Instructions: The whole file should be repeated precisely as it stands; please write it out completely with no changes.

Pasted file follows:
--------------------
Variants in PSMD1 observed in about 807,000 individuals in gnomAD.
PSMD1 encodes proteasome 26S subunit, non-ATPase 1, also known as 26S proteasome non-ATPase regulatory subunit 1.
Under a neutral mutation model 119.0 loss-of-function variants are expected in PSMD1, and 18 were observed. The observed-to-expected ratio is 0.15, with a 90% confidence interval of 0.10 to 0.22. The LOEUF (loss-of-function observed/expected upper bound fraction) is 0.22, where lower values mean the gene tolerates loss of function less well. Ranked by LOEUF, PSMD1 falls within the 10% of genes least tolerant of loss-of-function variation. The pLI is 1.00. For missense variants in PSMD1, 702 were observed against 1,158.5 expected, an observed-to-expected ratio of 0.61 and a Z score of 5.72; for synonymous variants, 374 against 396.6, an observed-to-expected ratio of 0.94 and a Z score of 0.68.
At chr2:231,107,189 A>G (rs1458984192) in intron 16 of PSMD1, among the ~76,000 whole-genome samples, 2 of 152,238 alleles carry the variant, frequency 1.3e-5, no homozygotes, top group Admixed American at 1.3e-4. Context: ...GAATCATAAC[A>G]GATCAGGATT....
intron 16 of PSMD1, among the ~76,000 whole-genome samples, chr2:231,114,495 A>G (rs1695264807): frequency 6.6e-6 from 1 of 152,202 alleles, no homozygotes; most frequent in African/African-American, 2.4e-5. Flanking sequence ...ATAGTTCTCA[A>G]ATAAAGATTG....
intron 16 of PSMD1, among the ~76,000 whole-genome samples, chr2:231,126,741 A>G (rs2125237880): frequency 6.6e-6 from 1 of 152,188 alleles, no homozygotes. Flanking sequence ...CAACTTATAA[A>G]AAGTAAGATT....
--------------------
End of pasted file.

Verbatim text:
Variants in PSMD1 observed in about 807,000 individuals in gnomAD.
PSMD1 encodes proteasome 26S subunit, non-ATPase 1, also known as 26S proteasome non-ATPase regulatory subunit 1.
Under a neutral mutation model 119.0 loss-of-function variants are expected in PSMD1, and 18 were observed. The observed-to-expected ratio is 0.15, with a 90% confidence interval of 0.10 to 0.22. The LOEUF (loss-of-function observed/expected upper bound fraction) is 0.22, where lower values mean the gene tolerates loss of function less well. Ranked by LOEUF, PSMD1 falls within the 10% of genes least tolerant of loss-of-function variation. The pLI is 1.00. For missense variants in PSMD1, 702 were observed against 1,158.5 expected, an observed-to-expected ratio of 0.61 and a Z score of 5.72; for synonymous variants, 374 against 396.6, an observed-to-expected ratio of 0.94 and a Z score of 0.68.
At chr2:231,107,189 A>G (rs1458984192) in intron 16 of PSMD1, among the ~76,000 whole-genome samples, 2 of 152,238 alleles carry the variant, frequency 1.3e-5, no homozygotes, top group Admixed American at 1.3e-4. Context: ...GAATCATAAC[A>G]GATCAGGATT....
intron 16 of PSMD1, among the ~76,000 whole-genome samples, chr2:231,114,495 A>G (rs1695264807): frequency 6.6e-6 from 1 of 152,202 alleles, no homozygotes; most frequent in African/African-American, 2.4e-5. Flanking sequence ...ATAGTTCTCA[A>G]ATAAAGATTG....
intron 16 of PSMD1, among the ~76,000 whole-genome samples, chr2:231,126,741 A>G (rs2125237880): frequency 6.6e-6 from 1 of 152,188 alleles, no homozygotes. Flanking sequence ...CAACTTATAA[A>G]AAGTAAGATT....